The most powerful example of your emotional bond with me happened yesterday, when I was angry about something that was nothing to do with you. You started crying and fussing, which your dad says was because you were picking up on my mood. He even thinks that you understood I was upset and angry, but *didn’t* understand that it wasn’t your fault. I felt awful. I will try harder to surround you with love and patience, not anger and exasperation.

You are working very hard these days to become mobile. You can now cross an entire room at quite a rapid pace. However, I hesitate to call it genuine mobility because your movement doesn’t seem connected to your intention – it looks to me like you would very much like to be moving forward, but continue to push yourself backward, which just ends up frustrating you as you wonder why you’re moving farther away from your intended goal. I know you’re going to have it all figured out pretty soon, though! I’ll be genuinely surprised if you’re not crawling by Christmas, and I think it’s likely to be even sooner than that.

The mobility does have its drawbacks, though. No longer do you rest peacefully in my lap. No, you spend your time there rolling, twisting, squirming, moving, arching, reaching, grabbing, pulling, jumping, wiggling, and bouncing. I’m not against any of these activities per se, but my lap is not the most convenient place for them! Still, you do insist on having your lap time. You’re busy enough to make that a challenge, but still dependent enough that you don’t want to give it up. This conflict makes me think you must be on the verge of a big breakthrough and change.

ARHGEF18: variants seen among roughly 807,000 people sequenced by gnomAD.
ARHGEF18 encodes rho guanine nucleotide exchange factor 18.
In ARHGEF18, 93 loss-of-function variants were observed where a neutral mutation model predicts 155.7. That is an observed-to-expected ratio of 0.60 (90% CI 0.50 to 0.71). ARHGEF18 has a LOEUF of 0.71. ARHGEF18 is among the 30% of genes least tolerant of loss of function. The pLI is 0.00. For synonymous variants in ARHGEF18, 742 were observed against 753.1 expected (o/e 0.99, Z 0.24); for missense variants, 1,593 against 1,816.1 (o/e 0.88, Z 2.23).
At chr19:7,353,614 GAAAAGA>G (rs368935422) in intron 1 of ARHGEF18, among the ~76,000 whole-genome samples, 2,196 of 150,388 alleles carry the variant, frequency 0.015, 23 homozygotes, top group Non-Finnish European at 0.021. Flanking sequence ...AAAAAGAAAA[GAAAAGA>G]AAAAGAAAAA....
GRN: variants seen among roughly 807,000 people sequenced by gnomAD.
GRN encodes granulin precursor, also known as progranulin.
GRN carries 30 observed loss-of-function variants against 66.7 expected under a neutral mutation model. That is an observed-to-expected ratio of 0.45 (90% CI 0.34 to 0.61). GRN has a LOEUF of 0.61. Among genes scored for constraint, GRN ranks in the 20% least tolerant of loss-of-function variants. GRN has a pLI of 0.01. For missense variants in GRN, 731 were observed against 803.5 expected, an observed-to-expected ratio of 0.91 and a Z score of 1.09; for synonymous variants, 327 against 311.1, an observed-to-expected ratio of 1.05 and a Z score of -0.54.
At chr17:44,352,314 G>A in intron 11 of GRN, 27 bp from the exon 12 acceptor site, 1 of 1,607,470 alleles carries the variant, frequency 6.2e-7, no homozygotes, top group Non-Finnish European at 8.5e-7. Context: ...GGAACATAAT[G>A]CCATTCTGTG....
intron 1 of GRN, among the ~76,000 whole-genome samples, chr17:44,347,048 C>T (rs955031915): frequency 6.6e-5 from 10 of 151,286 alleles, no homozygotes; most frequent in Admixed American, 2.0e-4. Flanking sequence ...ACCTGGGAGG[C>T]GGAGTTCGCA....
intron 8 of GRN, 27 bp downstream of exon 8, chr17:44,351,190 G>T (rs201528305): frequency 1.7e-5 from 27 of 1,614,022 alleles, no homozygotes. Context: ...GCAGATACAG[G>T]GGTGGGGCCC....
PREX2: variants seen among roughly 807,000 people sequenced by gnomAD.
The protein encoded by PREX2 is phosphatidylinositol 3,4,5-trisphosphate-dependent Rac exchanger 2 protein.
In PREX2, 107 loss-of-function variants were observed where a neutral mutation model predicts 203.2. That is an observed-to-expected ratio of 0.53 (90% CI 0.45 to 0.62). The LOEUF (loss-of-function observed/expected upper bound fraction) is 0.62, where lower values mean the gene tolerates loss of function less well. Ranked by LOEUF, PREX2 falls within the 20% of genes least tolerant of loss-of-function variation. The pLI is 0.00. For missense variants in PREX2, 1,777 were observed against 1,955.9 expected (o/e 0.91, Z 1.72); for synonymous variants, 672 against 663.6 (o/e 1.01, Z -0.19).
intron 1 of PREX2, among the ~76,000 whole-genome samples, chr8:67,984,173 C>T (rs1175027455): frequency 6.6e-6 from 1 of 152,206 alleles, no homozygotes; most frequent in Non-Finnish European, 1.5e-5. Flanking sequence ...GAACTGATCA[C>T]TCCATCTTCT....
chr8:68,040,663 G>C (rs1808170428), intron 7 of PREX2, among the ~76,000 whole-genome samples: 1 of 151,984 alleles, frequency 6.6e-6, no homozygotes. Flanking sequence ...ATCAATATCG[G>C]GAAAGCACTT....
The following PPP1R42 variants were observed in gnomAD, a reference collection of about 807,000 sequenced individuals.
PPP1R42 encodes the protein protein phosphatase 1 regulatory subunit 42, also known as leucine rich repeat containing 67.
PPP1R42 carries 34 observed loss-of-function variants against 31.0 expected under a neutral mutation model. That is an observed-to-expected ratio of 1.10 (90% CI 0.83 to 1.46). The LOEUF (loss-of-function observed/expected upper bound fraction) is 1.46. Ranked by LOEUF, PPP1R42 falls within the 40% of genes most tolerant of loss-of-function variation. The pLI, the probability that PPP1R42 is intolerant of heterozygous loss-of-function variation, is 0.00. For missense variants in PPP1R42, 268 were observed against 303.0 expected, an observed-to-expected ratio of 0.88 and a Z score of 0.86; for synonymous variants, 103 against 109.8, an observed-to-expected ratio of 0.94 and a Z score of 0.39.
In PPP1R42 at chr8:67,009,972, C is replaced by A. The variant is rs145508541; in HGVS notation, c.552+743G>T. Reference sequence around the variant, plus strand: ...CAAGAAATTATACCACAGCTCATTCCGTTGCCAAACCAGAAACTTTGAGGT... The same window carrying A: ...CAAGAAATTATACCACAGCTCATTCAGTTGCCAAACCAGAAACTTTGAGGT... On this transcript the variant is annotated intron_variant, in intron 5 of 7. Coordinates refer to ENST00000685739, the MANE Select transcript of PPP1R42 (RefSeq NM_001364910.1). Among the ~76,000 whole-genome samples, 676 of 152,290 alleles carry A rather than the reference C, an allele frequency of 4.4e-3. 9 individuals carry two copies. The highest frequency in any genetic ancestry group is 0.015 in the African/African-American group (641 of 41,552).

Another huge difference in your life is your sleep. For the first time in your life you have a set bedtime *and* set naptimes. This routine has brought a lot of consistency and predictability to our lives, which I think has been good for all of us. In addition, we now put you in your crib awake and rely on you to soothe yourself to sleep, rather than putting you to sleep in our laps and then transferring you to the crib. Yes, this meant that we’ve all endured a lot of crying, but we really believe you were ready for this, and the fact that some nights you go to sleep very peacefully, without any fuss at all, helps us feel confident in that belief. Nowadays you usually wake up only once at night, at which time I nurse you for five minutes, then sing a verse of our favourite lullaby, and put you back in your crib until morning. You are definitely getting more sleep now, and the thought that you now understand your own ability to self-soothe is very gratifying.